Schube: After a Wizards loss early this season, our own Katie Baker reported on Wednesday, coach Scotty Brooks singled out John Wall’s lackluster defensive performance. And, yes, the Wizards will need to be better than the middle-of-the-pack team they currently are on D if they want to make noise in the playoffs. But forget all that for a moment. Because Wall and the Wiz can blow the bloody doors off any arena on the offensive side of the ball, and that’s exactly what they did Wednesday against the Nuggets in a 123–113 victory. Wall had 30 points and 10 assists, and gave me reason to keep doubting that he’s actually right-handed:
Bradley Beal added 23, Otto Porter Jr. chipped in with 22, and Bojan Bogdanovic nailed one gorgeous bank shot out of Tim Duncan’s Olde Tyme Book of Basket Ball Fundamentals. Of course, it helped that the Wiz played the Nuggets, who on this night were basically the C-plot on an episode of The Knick:
It was ugly: lots of Jameer Nelson, who is still in the NBA, running in circles and taking contested layups, and plenty of effort from Some Plumlee Brother. The Denver Tubercular Ward made it a game in the second half, though. Jamal Murray was extremely warm, Gary Harris got straight hot, and Markieff Morris got himself tossed for tagging Mason Plumlee right in the … plumlees.
Washington fended the assault off with some useful D and plenty of ball movement, but the uneven second half served as a good reminder of Brooks’s message. The Wizards can score with anybody. How they defend, though? As the season careens toward the playoffs, that’s the thing worth watching.
Rumble, Young Man, Rumble
Witness the Greg Monroeissaince
Jonathan Tjarks: Giannis Antetokounmpo had another headline-making night on Wednesday, with an absurd 32 points, 13 rebounds, seven assists, four steals, and two blocks in a 104–93 victory over the Knicks. Yet, somehow, he had a lower plus-minus (plus-10) than Greg Monroe (plus-15), who has quietly turned his career around in his second season in Milwaukee. The guy the Bucks couldn’t give away at the start of the year has become one of their most valuable players: They have a net rating of plus-5.9 when he’s on the floor. Giannis checks in at plus-2.5; the now-injured Jabari Parker is all the way down at minus-2.5.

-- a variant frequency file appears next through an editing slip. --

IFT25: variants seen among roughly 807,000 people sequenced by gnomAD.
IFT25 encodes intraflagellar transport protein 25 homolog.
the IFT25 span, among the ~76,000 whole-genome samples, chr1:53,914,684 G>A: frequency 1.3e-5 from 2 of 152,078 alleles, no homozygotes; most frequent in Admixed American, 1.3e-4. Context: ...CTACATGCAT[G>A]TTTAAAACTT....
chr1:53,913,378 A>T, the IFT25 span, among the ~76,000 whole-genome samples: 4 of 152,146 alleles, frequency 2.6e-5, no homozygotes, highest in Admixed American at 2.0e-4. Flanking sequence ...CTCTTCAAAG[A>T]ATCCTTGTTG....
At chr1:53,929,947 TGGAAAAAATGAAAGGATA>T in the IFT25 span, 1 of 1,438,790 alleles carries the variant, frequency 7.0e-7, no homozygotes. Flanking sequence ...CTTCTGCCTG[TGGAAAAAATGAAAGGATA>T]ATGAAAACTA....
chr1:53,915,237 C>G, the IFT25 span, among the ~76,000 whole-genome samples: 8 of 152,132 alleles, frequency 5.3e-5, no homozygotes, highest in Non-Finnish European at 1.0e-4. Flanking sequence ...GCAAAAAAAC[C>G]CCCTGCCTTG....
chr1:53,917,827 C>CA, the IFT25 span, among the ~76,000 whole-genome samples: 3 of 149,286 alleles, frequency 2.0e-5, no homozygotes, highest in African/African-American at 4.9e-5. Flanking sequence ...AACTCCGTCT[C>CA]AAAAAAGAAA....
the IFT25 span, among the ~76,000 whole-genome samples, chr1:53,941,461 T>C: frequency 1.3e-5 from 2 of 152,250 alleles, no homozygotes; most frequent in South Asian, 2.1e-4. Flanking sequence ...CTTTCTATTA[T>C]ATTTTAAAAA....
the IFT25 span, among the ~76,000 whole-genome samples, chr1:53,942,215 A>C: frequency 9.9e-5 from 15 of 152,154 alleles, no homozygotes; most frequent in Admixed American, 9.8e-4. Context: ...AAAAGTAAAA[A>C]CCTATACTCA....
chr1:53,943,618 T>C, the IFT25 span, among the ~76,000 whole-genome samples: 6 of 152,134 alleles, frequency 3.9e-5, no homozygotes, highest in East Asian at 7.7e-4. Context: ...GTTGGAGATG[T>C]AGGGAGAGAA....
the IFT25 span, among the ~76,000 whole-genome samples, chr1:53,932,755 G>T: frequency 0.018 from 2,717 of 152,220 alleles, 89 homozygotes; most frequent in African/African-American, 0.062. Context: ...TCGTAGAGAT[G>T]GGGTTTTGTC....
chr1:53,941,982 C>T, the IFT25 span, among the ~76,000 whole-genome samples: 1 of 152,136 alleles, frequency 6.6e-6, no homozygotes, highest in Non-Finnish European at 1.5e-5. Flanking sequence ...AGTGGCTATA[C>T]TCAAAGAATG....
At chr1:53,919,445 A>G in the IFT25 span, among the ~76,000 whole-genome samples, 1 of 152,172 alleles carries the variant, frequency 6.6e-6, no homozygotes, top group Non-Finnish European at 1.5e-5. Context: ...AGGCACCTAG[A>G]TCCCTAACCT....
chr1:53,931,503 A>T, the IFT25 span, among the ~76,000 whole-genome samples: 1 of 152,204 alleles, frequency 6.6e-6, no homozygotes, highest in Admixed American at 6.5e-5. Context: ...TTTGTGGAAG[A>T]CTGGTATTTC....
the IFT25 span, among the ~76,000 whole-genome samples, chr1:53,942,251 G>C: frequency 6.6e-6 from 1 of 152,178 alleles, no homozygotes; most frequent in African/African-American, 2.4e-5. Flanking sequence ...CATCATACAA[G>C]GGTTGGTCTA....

Monroe has been rejuvenated by a move to the bench, where he has been given the freedom to anchor the second-unit offense and not do as much on defense. Last season, the Bucks tried to integrate the lumbering Monroe into an aggressive scheme that asked their big men to hedge and recover on screens past the 3-point line. They weren’t forcing a square peg through a round hole so much as through a hole that didn’t even exist. But Monroe is playing closer to the basket this year, and the Bucks are funneling penetration to him rather than asking him to move his feet in space.
Wednesday was another typical night for Monroe 2.0: 17 points, eight rebounds, and three assists in 29 minutes. He used his sheer mass (6-foot-11 and 265 pounds) to attack a smaller backup center (Kyle O’Quinn) in the post, an area where he’s much more efficient this season — in part because he’s not going up against starting-level centers as often. He also did a great job of rolling hard to the basket and creating passing lanes for Bucks players, as well as crashing the offensive boards and getting easy putbacks. Monroe has always been an offensive machine, and it’s much easier to see that in his new role.
The role of sixth man typically goes to shot-happy guards who struggle to defend: think Jamal Crawford, or new Houston teammates Eric Gordon and Lou Williams. Monroe, along with Zach Randolph and Enes Kanter, is blazing a trail for big men whose back-to-the-basket offensive games and inability to defend on the perimeter have turned them into anachronisms on a starting unit. Giannis has made the Leap this season, but the Bucks wouldn’t be making a playoff push if not for the reinvention of Greg Monroe.